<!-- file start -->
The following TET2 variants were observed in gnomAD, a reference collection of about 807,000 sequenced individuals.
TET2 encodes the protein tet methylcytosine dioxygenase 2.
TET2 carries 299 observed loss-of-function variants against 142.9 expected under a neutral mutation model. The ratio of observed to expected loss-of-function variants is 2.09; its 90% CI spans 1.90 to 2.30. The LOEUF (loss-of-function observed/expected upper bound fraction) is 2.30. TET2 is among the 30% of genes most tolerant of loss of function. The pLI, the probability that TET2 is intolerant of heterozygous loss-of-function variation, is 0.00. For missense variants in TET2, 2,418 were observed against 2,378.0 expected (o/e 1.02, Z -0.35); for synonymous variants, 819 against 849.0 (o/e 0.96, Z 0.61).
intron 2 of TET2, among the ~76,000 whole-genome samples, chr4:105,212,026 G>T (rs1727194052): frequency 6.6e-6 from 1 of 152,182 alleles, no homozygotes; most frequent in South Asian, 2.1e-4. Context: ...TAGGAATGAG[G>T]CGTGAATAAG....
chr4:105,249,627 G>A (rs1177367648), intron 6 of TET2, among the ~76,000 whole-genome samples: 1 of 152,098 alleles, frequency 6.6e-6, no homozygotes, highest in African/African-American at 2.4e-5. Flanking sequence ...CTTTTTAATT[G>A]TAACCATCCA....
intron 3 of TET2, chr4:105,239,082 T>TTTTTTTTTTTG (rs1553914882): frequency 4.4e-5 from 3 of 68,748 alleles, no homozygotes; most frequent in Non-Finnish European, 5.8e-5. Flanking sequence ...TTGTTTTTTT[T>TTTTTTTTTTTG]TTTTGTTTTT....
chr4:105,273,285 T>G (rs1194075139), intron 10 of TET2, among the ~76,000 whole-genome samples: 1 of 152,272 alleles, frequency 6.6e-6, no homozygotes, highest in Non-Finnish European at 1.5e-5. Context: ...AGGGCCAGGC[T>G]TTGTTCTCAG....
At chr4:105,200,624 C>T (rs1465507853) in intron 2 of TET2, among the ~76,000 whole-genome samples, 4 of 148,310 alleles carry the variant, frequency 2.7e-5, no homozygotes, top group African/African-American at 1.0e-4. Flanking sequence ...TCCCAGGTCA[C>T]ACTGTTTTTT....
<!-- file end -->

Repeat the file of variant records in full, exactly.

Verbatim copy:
The following TET2 variants were observed in gnomAD, a reference collection of about 807,000 sequenced individuals.
TET2 encodes the protein tet methylcytosine dioxygenase 2.
TET2 carries 299 observed loss-of-function variants against 142.9 expected under a neutral mutation model. The ratio of observed to expected loss-of-function variants is 2.09; its 90% CI spans 1.90 to 2.30. The LOEUF (loss-of-function observed/expected upper bound fraction) is 2.30. TET2 is among the 30% of genes most tolerant of loss of function. The pLI, the probability that TET2 is intolerant of heterozygous loss-of-function variation, is 0.00. For missense variants in TET2, 2,418 were observed against 2,378.0 expected (o/e 1.02, Z -0.35); for synonymous variants, 819 against 849.0 (o/e 0.96, Z 0.61).
intron 2 of TET2, among the ~76,000 whole-genome samples, chr4:105,212,026 G>T (rs1727194052): frequency 6.6e-6 from 1 of 152,182 alleles, no homozygotes; most frequent in South Asian, 2.1e-4. Context: ...TAGGAATGAG[G>T]CGTGAATAAG....
chr4:105,249,627 G>A (rs1177367648), intron 6 of TET2, among the ~76,000 whole-genome samples: 1 of 152,098 alleles, frequency 6.6e-6, no homozygotes, highest in African/African-American at 2.4e-5. Flanking sequence ...CTTTTTAATT[G>A]TAACCATCCA....
intron 3 of TET2, chr4:105,239,082 T>TTTTTTTTTTTG (rs1553914882): frequency 4.4e-5 from 3 of 68,748 alleles, no homozygotes; most frequent in Non-Finnish European, 5.8e-5. Flanking sequence ...TTGTTTTTTT[T>TTTTTTTTTTTG]TTTTGTTTTT....
chr4:105,273,285 T>G (rs1194075139), intron 10 of TET2, among the ~76,000 whole-genome samples: 1 of 152,272 alleles, frequency 6.6e-6, no homozygotes, highest in Non-Finnish European at 1.5e-5. Context: ...AGGGCCAGGC[T>G]TTGTTCTCAG....
At chr4:105,200,624 C>T (rs1465507853) in intron 2 of TET2, among the ~76,000 whole-genome samples, 4 of 148,310 alleles carry the variant, frequency 2.7e-5, no homozygotes, top group African/African-American at 1.0e-4. Flanking sequence ...TCCCAGGTCA[C>T]ACTGTTTTTT....